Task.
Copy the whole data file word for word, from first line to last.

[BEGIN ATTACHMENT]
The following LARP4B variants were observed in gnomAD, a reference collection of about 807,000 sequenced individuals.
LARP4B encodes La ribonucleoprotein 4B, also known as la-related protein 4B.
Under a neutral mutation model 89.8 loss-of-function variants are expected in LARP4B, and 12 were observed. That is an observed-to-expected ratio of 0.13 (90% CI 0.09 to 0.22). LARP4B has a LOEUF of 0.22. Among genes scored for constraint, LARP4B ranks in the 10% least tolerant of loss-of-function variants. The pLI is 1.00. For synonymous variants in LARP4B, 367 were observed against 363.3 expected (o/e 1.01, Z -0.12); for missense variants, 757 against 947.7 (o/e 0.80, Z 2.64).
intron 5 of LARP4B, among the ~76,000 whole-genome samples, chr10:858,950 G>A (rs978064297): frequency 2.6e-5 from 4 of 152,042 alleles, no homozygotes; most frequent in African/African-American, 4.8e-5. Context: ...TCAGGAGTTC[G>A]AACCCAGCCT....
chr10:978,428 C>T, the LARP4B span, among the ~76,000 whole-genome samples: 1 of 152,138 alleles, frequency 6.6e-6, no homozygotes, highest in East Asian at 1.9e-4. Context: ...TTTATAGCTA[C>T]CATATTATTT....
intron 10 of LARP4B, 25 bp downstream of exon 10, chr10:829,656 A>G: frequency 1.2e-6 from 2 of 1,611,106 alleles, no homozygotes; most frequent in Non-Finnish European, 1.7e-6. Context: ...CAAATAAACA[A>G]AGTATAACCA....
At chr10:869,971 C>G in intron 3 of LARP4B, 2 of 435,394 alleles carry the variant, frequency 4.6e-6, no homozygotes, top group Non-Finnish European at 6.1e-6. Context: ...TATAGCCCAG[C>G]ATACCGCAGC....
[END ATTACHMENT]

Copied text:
The following LARP4B variants were observed in gnomAD, a reference collection of about 807,000 sequenced individuals.
LARP4B encodes La ribonucleoprotein 4B, also known as la-related protein 4B.
Under a neutral mutation model 89.8 loss-of-function variants are expected in LARP4B, and 12 were observed. That is an observed-to-expected ratio of 0.13 (90% CI 0.09 to 0.22). LARP4B has a LOEUF of 0.22. Among genes scored for constraint, LARP4B ranks in the 10% least tolerant of loss-of-function variants. The pLI is 1.00. For synonymous variants in LARP4B, 367 were observed against 363.3 expected (o/e 1.01, Z -0.12); for missense variants, 757 against 947.7 (o/e 0.80, Z 2.64).
intron 5 of LARP4B, among the ~76,000 whole-genome samples, chr10:858,950 G>A (rs978064297): frequency 2.6e-5 from 4 of 152,042 alleles, no homozygotes; most frequent in African/African-American, 4.8e-5. Context: ...TCAGGAGTTC[G>A]AACCCAGCCT....
chr10:978,428 C>T, the LARP4B span, among the ~76,000 whole-genome samples: 1 of 152,138 alleles, frequency 6.6e-6, no homozygotes, highest in East Asian at 1.9e-4. Context: ...TTTATAGCTA[C>T]CATATTATTT....
intron 10 of LARP4B, 25 bp downstream of exon 10, chr10:829,656 A>G: frequency 1.2e-6 from 2 of 1,611,106 alleles, no homozygotes; most frequent in Non-Finnish European, 1.7e-6. Context: ...CAAATAAACA[A>G]AGTATAACCA....
At chr10:869,971 C>G in intron 3 of LARP4B, 2 of 435,394 alleles carry the variant, frequency 4.6e-6, no homozygotes, top group Non-Finnish European at 6.1e-6. Context: ...TATAGCCCAG[C>G]ATACCGCAGC....